Over the past decade, a lot has been said about hiring millennials; most have been “employer beware” articles that put these new professionals in a bad light.We have heard that millennials can be highly opinionated; they are not satisfied with product knowledge, they want a say in the development of the product. This is not a bad thing. Any employee who can apply critical thinking skills and bring fresh ideas to the table will definitely add value to the team.
In previous generations, the employees who were never absent and always working overtime were the most valued. We are now finding out that being chained to the desk all day – all work and no play – is not good for our health. Organizations are more concerned today with wellness and are finding creative ways to encourage fitness and recreation in the workplace. It would not be surprising to find out that some of these ideas are coming from millennials.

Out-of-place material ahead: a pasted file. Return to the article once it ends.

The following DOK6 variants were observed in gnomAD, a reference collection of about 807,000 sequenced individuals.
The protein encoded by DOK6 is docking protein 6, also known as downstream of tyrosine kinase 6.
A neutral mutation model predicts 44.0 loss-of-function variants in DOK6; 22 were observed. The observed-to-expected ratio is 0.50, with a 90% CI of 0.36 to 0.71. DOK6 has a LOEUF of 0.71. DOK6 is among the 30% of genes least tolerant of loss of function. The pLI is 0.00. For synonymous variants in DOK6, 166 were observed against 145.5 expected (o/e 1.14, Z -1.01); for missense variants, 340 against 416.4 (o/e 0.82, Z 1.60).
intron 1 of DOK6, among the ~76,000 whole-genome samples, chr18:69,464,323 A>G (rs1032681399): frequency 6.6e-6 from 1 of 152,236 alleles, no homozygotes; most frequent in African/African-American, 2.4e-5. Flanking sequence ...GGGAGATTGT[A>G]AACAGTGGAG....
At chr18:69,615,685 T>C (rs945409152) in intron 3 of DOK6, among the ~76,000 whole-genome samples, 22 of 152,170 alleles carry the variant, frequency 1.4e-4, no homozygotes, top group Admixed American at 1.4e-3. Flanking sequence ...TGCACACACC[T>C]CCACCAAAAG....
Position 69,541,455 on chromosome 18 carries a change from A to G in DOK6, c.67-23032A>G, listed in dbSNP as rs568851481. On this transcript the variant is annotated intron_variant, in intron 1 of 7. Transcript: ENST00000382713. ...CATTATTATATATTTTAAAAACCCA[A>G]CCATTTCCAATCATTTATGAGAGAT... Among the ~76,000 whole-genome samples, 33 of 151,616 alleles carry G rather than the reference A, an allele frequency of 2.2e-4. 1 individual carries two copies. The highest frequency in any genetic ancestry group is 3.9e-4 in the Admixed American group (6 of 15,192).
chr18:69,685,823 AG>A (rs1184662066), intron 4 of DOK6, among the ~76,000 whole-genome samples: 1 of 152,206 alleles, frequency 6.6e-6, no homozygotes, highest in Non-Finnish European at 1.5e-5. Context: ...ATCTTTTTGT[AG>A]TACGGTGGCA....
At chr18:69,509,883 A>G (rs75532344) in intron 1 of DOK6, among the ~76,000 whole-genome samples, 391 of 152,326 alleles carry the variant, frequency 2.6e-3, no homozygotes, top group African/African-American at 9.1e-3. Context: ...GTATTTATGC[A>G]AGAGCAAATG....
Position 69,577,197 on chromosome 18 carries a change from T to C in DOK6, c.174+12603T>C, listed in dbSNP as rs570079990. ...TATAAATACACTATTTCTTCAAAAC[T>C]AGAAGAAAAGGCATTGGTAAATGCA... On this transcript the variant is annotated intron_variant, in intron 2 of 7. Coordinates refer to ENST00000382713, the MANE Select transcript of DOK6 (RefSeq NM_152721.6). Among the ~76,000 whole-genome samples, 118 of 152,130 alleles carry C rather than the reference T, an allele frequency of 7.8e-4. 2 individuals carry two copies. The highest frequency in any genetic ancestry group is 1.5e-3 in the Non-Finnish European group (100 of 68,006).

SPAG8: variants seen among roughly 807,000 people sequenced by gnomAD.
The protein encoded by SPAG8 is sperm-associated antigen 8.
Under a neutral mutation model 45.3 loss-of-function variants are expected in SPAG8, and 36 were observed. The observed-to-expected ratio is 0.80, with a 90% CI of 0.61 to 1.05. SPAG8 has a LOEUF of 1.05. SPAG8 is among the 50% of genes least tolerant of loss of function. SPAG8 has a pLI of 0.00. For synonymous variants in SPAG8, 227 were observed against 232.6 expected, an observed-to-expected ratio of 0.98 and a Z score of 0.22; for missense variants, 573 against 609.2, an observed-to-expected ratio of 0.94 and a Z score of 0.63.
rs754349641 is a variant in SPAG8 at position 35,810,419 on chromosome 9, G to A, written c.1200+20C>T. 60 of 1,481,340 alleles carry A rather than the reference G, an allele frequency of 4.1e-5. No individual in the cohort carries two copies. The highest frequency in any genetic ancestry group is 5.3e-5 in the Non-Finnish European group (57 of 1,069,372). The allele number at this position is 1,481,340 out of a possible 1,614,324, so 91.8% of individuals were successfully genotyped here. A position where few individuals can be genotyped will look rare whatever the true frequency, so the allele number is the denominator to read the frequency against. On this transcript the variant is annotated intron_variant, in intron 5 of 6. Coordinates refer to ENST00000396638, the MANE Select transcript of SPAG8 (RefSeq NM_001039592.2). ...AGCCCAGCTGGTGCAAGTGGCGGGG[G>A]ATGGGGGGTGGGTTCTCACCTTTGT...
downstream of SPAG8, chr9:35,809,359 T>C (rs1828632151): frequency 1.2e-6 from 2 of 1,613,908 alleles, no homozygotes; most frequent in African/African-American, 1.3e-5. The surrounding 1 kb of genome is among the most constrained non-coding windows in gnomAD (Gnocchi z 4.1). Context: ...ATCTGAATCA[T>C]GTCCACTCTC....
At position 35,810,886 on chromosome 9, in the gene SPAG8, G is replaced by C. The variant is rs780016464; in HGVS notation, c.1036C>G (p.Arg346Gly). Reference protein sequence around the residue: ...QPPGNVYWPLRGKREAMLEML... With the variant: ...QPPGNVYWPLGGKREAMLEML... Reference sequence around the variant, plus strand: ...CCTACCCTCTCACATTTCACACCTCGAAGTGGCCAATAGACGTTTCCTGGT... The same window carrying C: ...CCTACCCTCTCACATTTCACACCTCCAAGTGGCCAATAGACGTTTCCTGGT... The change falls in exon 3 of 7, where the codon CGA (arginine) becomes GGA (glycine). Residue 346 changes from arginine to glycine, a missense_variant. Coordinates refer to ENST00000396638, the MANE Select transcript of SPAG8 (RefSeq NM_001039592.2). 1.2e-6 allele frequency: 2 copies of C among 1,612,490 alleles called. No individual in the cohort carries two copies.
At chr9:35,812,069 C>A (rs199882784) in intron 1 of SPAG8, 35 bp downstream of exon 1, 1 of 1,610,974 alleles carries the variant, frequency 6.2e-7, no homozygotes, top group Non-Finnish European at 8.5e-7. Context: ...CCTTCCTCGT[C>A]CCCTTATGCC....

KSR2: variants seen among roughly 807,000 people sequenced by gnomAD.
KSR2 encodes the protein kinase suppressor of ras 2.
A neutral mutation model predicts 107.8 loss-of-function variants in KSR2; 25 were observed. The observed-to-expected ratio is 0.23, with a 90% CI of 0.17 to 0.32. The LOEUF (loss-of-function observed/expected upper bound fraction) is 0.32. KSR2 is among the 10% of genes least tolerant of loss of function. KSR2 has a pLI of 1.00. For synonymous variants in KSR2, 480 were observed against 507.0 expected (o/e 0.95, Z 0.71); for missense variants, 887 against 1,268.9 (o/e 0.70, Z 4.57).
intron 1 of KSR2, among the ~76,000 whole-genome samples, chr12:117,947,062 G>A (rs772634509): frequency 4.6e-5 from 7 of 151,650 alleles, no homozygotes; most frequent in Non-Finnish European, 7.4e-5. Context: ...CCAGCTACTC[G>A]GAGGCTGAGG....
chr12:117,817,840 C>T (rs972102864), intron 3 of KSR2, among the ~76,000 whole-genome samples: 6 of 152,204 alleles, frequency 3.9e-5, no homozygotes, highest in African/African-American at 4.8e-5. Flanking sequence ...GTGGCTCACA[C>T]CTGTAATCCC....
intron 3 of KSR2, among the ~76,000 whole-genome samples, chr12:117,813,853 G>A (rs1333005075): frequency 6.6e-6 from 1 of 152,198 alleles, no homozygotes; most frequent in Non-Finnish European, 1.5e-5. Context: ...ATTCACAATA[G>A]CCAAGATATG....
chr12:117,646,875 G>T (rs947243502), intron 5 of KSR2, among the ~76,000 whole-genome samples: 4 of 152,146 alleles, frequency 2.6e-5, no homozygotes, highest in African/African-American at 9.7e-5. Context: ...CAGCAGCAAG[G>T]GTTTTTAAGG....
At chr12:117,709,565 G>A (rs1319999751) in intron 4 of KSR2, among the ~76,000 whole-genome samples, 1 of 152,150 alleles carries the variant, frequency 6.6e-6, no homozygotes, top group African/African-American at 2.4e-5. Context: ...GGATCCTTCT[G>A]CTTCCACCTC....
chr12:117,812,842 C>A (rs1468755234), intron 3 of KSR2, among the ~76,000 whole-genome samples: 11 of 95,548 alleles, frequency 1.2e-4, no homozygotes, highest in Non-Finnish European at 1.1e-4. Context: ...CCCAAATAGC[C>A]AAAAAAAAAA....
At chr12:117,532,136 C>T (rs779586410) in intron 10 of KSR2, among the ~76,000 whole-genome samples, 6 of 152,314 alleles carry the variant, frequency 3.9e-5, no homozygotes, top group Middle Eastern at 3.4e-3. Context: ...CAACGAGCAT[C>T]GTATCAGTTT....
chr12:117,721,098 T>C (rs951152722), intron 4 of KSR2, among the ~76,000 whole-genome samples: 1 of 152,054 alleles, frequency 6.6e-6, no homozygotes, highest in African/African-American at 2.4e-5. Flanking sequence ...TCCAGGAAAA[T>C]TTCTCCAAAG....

It is well worth the while for employers to invest in professional development opportunities in the form of mentorship programs for new graduates, and succession planning to advance those employees who have demonstrated the right balance of skills and attitude. With an open mind for engaging a wealthy goldmine when hiring millennials, both the workplace and new employees are positioned for great gain.